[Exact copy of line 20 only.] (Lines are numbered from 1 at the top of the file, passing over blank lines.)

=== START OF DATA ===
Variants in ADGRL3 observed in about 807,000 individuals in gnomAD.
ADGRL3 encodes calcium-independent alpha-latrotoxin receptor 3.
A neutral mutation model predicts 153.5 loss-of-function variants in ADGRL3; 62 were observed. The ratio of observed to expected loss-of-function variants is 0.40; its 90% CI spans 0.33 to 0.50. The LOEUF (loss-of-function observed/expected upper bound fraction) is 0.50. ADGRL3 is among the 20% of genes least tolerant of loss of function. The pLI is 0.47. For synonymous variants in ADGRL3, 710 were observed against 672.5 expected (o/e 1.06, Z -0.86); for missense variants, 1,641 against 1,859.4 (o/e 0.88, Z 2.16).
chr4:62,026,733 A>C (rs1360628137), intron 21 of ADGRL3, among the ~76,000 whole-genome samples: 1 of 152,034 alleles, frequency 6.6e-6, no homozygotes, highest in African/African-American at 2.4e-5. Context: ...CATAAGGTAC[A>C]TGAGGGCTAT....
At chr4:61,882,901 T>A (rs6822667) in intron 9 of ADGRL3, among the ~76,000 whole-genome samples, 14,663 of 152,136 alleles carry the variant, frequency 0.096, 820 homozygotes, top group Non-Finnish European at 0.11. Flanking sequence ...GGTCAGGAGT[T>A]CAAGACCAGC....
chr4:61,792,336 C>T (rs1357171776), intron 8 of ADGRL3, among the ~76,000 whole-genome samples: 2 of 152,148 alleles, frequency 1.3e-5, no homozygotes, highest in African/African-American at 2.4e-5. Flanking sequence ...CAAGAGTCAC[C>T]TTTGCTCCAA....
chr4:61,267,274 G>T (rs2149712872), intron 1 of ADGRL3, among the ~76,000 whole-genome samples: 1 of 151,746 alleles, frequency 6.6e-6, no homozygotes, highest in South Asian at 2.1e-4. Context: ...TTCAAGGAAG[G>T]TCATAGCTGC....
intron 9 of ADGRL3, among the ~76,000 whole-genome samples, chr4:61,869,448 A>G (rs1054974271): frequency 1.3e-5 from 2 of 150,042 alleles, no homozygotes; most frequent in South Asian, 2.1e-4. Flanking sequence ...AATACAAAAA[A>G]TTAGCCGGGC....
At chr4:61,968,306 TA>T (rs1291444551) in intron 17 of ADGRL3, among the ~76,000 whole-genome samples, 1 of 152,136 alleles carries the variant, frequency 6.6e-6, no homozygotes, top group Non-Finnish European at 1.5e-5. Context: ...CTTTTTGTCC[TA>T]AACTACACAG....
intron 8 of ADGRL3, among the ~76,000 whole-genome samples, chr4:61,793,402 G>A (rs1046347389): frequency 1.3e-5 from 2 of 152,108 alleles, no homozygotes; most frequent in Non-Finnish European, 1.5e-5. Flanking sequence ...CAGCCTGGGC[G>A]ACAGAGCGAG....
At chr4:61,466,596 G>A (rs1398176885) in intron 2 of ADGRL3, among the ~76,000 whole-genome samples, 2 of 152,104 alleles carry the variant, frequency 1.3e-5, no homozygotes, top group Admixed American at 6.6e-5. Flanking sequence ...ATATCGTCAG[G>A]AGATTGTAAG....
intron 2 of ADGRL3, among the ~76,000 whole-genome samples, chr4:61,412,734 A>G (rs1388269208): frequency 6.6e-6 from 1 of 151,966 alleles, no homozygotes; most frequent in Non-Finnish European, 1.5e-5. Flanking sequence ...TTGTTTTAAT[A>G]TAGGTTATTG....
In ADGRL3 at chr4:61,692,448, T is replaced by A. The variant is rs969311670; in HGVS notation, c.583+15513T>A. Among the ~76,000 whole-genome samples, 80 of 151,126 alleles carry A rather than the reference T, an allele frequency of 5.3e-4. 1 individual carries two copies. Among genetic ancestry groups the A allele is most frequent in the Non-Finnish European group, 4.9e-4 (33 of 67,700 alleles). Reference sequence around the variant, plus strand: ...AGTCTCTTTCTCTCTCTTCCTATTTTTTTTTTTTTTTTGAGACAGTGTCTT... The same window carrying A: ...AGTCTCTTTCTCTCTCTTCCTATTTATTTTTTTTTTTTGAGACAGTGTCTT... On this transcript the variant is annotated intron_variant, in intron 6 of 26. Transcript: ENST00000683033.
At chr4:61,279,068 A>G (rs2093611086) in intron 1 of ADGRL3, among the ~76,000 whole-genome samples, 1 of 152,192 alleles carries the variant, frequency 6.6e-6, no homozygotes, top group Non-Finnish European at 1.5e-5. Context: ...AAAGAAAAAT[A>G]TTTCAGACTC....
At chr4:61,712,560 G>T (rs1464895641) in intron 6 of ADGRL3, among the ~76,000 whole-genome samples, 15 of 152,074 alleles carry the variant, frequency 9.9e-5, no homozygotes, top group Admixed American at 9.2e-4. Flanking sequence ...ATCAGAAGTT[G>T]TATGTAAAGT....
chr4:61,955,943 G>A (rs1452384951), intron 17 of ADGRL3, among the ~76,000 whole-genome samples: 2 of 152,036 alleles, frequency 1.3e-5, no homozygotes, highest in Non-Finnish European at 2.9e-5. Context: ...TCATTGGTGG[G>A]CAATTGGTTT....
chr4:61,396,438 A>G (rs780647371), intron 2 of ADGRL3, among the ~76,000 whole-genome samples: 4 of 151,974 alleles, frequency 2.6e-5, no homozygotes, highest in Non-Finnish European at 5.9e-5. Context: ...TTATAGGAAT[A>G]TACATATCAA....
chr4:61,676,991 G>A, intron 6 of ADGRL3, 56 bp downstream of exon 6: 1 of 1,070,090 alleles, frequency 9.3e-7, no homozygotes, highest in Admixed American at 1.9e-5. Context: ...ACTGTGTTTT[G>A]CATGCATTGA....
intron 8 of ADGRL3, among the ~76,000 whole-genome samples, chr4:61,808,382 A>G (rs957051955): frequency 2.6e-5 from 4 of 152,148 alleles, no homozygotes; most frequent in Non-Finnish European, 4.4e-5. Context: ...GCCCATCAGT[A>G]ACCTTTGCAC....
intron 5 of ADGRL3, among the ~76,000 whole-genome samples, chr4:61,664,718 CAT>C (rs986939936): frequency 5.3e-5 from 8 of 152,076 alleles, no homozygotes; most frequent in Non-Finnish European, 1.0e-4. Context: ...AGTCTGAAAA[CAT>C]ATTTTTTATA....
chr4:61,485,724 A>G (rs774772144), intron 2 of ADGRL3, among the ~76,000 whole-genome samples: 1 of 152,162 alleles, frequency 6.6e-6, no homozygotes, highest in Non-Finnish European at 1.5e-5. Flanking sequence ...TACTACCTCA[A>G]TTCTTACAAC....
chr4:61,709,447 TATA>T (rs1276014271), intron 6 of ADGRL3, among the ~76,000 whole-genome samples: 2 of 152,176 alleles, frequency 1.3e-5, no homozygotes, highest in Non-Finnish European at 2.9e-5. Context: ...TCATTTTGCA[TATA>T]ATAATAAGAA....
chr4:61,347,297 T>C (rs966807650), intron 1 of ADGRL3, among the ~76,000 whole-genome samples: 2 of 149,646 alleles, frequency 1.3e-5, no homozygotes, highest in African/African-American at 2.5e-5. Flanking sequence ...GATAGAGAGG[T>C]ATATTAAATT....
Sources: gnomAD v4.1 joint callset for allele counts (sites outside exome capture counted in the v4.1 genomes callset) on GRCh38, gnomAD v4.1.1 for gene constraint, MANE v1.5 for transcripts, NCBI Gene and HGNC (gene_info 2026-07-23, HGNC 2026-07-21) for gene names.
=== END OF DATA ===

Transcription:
intron 5 of ADGRL3, among the ~76,000 whole-genome samples, chr4:61,664,718 CAT>C (rs986939936): frequency 5.3e-5 from 8 of 152,076 alleles, no homozygotes; most frequent in Non-Finnish European, 1.0e-4. Context: ...AGTCTGAAAA[CAT>C]ATTTTTTATA....